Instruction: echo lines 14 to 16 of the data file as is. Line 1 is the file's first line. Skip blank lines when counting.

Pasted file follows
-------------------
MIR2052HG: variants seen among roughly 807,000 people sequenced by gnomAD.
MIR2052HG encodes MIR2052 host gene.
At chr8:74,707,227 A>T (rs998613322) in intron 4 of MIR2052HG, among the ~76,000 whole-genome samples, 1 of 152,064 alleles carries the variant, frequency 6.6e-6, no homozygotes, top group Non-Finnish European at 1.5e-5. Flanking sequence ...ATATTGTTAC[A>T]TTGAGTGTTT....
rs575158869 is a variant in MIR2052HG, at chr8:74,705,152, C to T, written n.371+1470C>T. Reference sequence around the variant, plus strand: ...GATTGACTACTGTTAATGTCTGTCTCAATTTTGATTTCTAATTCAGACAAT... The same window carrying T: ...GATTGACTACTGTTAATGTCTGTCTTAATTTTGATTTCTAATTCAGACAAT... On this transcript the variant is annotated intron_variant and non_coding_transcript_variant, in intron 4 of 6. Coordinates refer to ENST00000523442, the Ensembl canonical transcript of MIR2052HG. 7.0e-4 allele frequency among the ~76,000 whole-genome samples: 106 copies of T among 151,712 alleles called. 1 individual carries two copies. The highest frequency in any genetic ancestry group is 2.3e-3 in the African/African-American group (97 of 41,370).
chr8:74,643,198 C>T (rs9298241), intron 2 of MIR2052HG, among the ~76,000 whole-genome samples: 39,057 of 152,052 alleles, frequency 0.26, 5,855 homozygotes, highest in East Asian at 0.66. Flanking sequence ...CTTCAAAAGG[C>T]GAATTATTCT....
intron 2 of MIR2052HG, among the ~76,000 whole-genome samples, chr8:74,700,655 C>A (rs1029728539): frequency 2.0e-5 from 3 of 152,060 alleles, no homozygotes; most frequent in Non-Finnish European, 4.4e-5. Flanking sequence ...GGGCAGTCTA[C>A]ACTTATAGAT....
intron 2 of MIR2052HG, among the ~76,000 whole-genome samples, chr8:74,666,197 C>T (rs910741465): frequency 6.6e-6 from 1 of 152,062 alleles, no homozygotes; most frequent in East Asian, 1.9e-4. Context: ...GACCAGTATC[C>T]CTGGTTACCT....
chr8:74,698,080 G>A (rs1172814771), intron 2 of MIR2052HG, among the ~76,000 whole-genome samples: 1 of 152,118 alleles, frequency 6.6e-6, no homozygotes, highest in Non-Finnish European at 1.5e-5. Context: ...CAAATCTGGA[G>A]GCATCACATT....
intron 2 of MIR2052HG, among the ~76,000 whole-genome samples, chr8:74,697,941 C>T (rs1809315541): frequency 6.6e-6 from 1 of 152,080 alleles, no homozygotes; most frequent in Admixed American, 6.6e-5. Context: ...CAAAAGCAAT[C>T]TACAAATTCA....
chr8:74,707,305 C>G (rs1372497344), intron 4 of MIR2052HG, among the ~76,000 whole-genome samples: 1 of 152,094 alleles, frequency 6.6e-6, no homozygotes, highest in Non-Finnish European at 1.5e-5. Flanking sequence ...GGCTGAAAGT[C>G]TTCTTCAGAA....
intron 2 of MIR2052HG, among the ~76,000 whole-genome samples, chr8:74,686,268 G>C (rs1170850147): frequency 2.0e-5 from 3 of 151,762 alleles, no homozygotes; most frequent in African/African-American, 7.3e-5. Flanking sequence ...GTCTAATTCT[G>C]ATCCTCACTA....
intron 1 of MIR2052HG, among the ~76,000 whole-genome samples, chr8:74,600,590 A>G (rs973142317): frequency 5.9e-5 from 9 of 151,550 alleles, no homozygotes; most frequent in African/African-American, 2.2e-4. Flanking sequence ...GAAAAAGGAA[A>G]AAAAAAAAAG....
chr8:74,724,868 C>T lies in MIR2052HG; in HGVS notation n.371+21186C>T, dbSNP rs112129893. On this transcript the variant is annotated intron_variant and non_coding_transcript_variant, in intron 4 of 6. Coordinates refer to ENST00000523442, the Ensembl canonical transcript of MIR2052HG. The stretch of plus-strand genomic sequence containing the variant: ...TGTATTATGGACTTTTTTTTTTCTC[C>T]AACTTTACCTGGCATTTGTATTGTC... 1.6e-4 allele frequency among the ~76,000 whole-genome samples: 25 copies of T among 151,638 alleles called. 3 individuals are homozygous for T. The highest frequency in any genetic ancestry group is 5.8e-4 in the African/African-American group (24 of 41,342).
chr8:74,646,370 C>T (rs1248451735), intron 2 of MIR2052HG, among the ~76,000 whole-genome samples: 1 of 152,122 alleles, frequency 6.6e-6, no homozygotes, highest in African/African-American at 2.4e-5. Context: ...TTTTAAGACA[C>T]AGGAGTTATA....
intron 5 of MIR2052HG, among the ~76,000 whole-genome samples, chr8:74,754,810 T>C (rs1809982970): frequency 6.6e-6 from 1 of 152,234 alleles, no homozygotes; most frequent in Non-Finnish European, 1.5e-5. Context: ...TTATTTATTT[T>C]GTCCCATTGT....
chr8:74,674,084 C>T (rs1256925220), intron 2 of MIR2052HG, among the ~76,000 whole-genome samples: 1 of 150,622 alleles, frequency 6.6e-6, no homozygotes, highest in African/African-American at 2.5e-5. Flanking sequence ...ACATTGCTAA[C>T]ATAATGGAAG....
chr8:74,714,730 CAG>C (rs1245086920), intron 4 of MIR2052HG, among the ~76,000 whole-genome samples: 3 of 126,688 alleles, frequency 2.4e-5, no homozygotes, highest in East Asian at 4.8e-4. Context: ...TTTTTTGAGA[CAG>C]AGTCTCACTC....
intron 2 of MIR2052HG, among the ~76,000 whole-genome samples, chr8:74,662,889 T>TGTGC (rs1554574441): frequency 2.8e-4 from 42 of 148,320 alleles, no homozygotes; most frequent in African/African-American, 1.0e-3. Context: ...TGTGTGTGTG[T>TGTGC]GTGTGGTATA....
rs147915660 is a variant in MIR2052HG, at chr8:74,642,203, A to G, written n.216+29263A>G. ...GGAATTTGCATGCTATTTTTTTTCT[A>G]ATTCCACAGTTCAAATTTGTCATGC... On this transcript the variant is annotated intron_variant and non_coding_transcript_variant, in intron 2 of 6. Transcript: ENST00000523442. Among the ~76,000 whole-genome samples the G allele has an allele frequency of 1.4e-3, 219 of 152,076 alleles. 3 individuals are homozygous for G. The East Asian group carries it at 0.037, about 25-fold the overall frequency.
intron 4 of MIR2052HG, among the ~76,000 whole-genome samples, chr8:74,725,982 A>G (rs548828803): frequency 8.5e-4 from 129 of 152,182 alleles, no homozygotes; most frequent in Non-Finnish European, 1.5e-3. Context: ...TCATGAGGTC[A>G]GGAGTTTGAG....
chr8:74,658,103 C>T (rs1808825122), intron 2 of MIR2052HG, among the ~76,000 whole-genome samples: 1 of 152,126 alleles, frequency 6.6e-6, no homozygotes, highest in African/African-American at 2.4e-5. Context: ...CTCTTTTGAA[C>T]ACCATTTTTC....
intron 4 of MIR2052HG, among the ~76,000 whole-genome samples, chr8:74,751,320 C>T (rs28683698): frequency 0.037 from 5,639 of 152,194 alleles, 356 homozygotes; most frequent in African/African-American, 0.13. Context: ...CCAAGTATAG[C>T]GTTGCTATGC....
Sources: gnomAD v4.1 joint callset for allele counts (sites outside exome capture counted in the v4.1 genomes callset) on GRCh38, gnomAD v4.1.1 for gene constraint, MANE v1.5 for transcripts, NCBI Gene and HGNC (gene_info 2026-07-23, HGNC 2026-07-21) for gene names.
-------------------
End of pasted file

chr8:74,646,370 C>T (rs1248451735), intron 2 of MIR2052HG, among the ~76,000 whole-genome samples: 1 of 152,122 alleles, frequency 6.6e-6, no homozygotes, highest in African/African-American at 2.4e-5. Context: ...TTTTAAGACA[C>T]AGGAGTTATA....
intron 5 of MIR2052HG, among the ~76,000 whole-genome samples, chr8:74,754,810 T>C (rs1809982970): frequency 6.6e-6 from 1 of 152,234 alleles, no homozygotes; most frequent in Non-Finnish European, 1.5e-5. Context: ...TTATTTATTT[T>C]GTCCCATTGT....
chr8:74,674,084 C>T (rs1256925220), intron 2 of MIR2052HG, among the ~76,000 whole-genome samples: 1 of 150,622 alleles, frequency 6.6e-6, no homozygotes, highest in African/African-American at 2.5e-5. Flanking sequence ...ACATTGCTAA[C>T]ATAATGGAAG....